Sunday, July 17, 2011

A back of the envelope modeling of daycare operations

We have what Dr. Sears refers to as a high-needs child. They define high-need as a contrast to fussy or colicky in that fussy babies quickly outgrow their fussiness and colicky babies tend to be incolable and in pain. Dr. Sears describes high-needs children as "supersensitive, intense, craving physical contact, have difficulty self-soothing . . . however, generally happy when their needs, as they see them, are met" Which is a good description of our son. Dr. Sears also describes this as something that continues for a while. While there are future benefits, such as good attachment to responsive parents, there are some problems. One of which is difficulty with alternate care-givers, such as day care. In our case, we have started T with half day at day care, and he pretty much cries the entire time, only taking a break to eat. So we have to consider the possibility of a mis-match of child and day care center.

We investigated an alternative of a family day care, meaning a day care that is run within a home. So it is smaller, as there are limits to the number of unrelated children that can be in a daycare (ratio of 1:4 staff to infants, 1:6 for older children).

The one thing that does seem to work is for the day care worker to spend individual time with T, such as when eating, but also one-on-one play time. Dr. Sears also consols that high-need babies are carried for some length of time per day. So, as we do not think by observation that the skills of care givers in either the current day care or the family day care are much different (although we think that the senior staff at the current day care have a broader breadth of experience in terms of how different the kids are), we decided to work out the numbers. Our day care center reports seem to indicate that they spend time with him either carrying him or taking him for a walk in a stroller. While there is no statement to that effect, that seems to mean that he gets regular individual time. So our question is if this can possibly be true.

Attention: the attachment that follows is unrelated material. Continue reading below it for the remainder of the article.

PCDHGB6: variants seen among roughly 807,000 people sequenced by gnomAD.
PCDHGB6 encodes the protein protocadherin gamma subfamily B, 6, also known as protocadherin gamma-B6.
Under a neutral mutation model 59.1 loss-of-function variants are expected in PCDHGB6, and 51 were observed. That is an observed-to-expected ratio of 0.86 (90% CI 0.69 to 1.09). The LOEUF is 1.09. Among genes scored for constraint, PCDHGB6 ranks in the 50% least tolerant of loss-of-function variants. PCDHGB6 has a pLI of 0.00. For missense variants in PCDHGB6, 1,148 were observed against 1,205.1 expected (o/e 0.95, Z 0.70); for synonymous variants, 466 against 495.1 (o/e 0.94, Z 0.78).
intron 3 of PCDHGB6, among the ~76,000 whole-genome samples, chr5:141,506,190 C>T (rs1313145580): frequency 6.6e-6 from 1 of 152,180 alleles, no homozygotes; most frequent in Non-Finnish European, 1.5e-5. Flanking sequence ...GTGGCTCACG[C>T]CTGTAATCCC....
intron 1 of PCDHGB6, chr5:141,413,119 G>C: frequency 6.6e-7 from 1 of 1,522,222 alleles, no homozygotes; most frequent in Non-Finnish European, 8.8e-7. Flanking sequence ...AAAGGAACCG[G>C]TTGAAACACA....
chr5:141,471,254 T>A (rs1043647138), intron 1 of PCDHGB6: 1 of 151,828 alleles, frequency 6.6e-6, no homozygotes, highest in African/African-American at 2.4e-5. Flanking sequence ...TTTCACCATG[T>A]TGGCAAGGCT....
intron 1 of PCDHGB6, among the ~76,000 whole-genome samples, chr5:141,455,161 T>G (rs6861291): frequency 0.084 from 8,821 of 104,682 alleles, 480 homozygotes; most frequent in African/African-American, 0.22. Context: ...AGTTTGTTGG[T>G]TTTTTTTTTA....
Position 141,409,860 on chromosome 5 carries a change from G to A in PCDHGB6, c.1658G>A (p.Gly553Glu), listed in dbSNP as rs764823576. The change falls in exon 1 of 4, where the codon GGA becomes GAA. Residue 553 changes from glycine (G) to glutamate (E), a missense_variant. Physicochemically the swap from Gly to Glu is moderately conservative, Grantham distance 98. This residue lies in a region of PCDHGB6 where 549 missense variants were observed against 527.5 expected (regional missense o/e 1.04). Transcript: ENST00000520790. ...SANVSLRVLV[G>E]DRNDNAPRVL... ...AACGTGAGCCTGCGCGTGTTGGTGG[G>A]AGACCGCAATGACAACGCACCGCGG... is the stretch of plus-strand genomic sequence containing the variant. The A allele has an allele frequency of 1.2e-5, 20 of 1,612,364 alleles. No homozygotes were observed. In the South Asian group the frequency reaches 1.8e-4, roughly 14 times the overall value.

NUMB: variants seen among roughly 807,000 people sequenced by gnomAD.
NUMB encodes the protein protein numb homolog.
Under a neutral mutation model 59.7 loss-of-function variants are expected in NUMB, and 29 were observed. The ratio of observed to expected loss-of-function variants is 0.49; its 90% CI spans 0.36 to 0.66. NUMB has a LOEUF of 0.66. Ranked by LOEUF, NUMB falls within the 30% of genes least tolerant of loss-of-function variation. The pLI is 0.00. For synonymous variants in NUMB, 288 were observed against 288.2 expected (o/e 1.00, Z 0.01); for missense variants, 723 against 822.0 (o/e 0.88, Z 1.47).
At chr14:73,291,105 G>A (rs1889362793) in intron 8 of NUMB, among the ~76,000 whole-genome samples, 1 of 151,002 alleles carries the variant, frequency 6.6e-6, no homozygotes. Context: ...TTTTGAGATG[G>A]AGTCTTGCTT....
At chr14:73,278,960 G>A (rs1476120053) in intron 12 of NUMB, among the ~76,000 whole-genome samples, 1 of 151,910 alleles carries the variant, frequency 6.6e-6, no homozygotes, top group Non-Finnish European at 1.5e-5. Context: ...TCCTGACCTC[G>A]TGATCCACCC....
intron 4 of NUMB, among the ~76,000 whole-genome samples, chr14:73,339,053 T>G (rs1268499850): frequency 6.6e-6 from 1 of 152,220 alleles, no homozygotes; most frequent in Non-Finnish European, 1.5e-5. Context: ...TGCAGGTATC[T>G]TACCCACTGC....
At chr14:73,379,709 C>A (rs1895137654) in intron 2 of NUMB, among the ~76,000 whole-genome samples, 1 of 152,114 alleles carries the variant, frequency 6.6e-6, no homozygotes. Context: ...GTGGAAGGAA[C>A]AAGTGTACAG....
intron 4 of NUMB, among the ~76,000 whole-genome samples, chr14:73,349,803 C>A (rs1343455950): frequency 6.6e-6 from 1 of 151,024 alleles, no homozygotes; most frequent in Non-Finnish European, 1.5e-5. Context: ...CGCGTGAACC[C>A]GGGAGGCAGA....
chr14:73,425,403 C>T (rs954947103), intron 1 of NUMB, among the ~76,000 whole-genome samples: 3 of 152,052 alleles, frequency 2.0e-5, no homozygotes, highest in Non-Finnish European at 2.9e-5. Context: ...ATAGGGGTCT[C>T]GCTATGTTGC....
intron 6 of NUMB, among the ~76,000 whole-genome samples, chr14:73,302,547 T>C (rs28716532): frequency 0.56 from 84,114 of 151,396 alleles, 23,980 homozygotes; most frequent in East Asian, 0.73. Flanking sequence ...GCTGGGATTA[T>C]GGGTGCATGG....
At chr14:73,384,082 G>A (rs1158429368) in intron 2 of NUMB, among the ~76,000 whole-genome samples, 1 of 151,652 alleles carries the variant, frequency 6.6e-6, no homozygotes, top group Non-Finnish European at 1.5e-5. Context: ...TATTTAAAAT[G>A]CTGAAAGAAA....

Current large day care center summer months is a little slow, so let's say two care givers and 8 infants over a day (justified as they seem to have a number of part-timers on call that allow them to flex staff based on daily demands. If > 8, they bring in more staff. For < 8, the numbers only get better, especially since they have some staff dedicated to lunch/feeding). For an 8 hour day, that gives 16 staff hours split across 8 infants. Figure 2 hours per staff for feeding time (1/2 hour per child), that leaves 12 hours of care time. So do we believe that they can use these 12 hours to provide one-on-one time for each child (with the other staff worker essentially keeping an eye on all the others) If you count feeding time, you can state that the limit is 8 hours of one-on-one time to avoid having both staff engaged in one-on-one time simultaneously, so that allows for each child to get 1/2 hour feeding time and 1/2 hour of individual play time. Note that I did not allow for staggered child schedules, which actually would lead to increased potential individual time.

Then we thought about the family day care center we looked at. There is one worker for 6 children (some are older, so she is working under that ratio.) While older kids can somewhat entertain themselves, we realized that she cannot afford to provide individualized attention, because that would leave the other children with no supervision.

Conclusion: we think that we are doing the best we could given that we have a high-need baby and we are staying with the current daycaree center (there are other reasons then presented here)
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